However, even in this country there are signs that people are only partly technically ready—and that the technology is only partly there. When researchers at the University of Illinois, Urbana-Champaign, created a collaborative, online research environment called BioCoRE, they thought others would be drawn to the interface for securely managing a number of research projects, sharing files, and scheduling supercomputer time. But, says Kirby Vandivort, senior research programmer on BioCoRE, “A lot of people saw BioCoRE as only being a Web interface to their normal tools.” It was very difficult to convince people of the value added over email and SSH, a program that lets you securely access and submit jobs on remote computers. So although 2500 people have registered for BioCoRE, only about 50 to 100 folks use it regularly—and approximately half of those are located at the University of Illinois, Urbana-Champaign. Perhaps the most interesting thing about BioCoRE is how it’s evolving. The BioCoRE interface is now built right into the research group’s most popular software—VMD, which is used for molecular dynamics visualization. So if researchers want to chat or share a molecule with a collabo- rator, or schedule supercomputer time, they can now do it entirely within VMD. “This is the real jewel that we didn’t actually anticipate when we started,” says Vandivort. And it suggests that technology is still finding new ways to makecollaboration easier.

 

In larger collaborations, especially at a distance, having a management plan is key, according to the TORSC. “The more seriously the scientists take that plan, working out exactly who will do what. . . the more likely the success,” writes Judy Olson.

 

The tricky thing, Gary Olson says, is that scientists and funding agencies are not keen on spending money on man- agement. They’d rather see the money go to the science itself. But some organizations see the need to take manage- ment seriously. BIRN has had a management plan from the get go. They created an oversight committee that, in turn, commissions a variety of standing and ad hoc committees. And BIRN also has as one of its cores the BIRN Coordinating Center.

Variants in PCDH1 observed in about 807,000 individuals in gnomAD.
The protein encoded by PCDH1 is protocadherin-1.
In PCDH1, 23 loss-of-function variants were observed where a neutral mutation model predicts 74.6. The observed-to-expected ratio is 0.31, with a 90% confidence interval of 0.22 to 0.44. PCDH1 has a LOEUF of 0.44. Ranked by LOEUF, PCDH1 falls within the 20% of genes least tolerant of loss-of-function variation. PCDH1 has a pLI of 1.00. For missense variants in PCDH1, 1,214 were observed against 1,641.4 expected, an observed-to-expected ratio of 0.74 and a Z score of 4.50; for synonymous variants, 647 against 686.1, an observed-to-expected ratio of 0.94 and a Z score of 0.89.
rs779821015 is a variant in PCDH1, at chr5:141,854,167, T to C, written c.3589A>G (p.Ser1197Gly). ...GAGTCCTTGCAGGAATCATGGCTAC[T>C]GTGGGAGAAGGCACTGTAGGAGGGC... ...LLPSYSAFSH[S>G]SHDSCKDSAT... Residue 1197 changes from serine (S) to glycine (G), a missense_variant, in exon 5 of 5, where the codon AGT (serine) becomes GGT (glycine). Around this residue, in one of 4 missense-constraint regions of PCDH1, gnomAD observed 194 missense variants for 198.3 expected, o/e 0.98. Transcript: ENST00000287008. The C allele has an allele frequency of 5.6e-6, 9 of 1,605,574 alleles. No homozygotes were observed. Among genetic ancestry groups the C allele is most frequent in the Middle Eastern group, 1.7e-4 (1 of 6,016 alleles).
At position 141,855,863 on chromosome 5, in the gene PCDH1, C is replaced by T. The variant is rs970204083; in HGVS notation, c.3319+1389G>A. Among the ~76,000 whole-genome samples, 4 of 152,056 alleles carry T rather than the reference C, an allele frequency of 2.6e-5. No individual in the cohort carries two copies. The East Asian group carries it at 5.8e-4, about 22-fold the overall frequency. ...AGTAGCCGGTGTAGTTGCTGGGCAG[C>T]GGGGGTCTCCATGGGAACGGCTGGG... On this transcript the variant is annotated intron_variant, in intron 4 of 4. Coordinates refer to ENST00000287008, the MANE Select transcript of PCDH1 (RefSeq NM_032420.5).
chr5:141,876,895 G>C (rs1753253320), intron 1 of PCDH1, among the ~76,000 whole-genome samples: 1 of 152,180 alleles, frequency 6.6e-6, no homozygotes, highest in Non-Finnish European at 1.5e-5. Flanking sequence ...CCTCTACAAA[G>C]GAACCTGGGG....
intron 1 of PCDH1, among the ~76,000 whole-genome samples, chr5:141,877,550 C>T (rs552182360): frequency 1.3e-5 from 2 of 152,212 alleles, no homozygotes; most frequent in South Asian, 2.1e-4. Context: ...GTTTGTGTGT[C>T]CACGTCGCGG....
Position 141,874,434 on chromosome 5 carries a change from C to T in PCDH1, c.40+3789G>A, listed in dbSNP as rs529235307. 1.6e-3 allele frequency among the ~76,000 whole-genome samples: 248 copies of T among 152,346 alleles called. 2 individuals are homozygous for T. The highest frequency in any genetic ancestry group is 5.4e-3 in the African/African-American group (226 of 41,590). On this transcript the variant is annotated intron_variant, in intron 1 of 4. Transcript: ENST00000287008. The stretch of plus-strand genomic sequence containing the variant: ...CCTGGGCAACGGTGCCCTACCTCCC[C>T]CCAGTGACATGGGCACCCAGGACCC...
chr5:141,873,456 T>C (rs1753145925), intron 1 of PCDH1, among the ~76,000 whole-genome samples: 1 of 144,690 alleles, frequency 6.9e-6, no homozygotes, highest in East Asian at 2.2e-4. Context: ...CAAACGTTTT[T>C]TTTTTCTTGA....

Good management helps ensure fairness, Gary Olson says. “It’s easy for the home institution to gobble up the lion’s share of the resources with others getting dribs and drabs. But that’s going to kill the collaboration if people feel they’re not being treated fairly. We’ve seen lots of examples of that.”

 

Another challenge is getting everyone in a collaboration to treat each other as equals. For example, Ellisman points to various NSF-funded cyberinfrastructure projects, in which tension between computer scientists and biomedical scientists impeded collaboration. The result: The computer scientists built something that was underutilized because biologists hadn’t been fully engaged in development.

 

Ellisman says avoiding this pitfall was his hardest challenge as director of BIRN. “People want to feel recognized for their contribution,” he says. For example, because BIRN needed to involve computer scientists working at the cutting-edge of their own field, it was critical that the biomedical researchers realize the computer scientists’ contributions were equally important—“so they aren’t computer scientists in the service of biomedicine.”

 

“We started out talking about ‘if you’re a biologist, hug your computer scientist,’” Ellisman says.

 

Besides fairness, good management also helps build and maintain a collaborative infrastructure. For example, BIRN set out to create a geographically distributed repository of medical images and make them available for large-scale cooperative studies more or less in real time. This involved inventing new software tools to normalize MRIs across multiple institutions; de-identifying health records; and getting approval from the numerous institutional human subject review boards.

 

“It’s hard work and you take a lot of lumps,” he says. And the coordinating center for BIRN ends up being viewed as a service provider. “Like if the telephone doesn’t work. It’s not how great it is, but what’s not working today,” he says. “It’s part of what happens when you build some- thing that becomes like a utility.”

 

Modularity Matters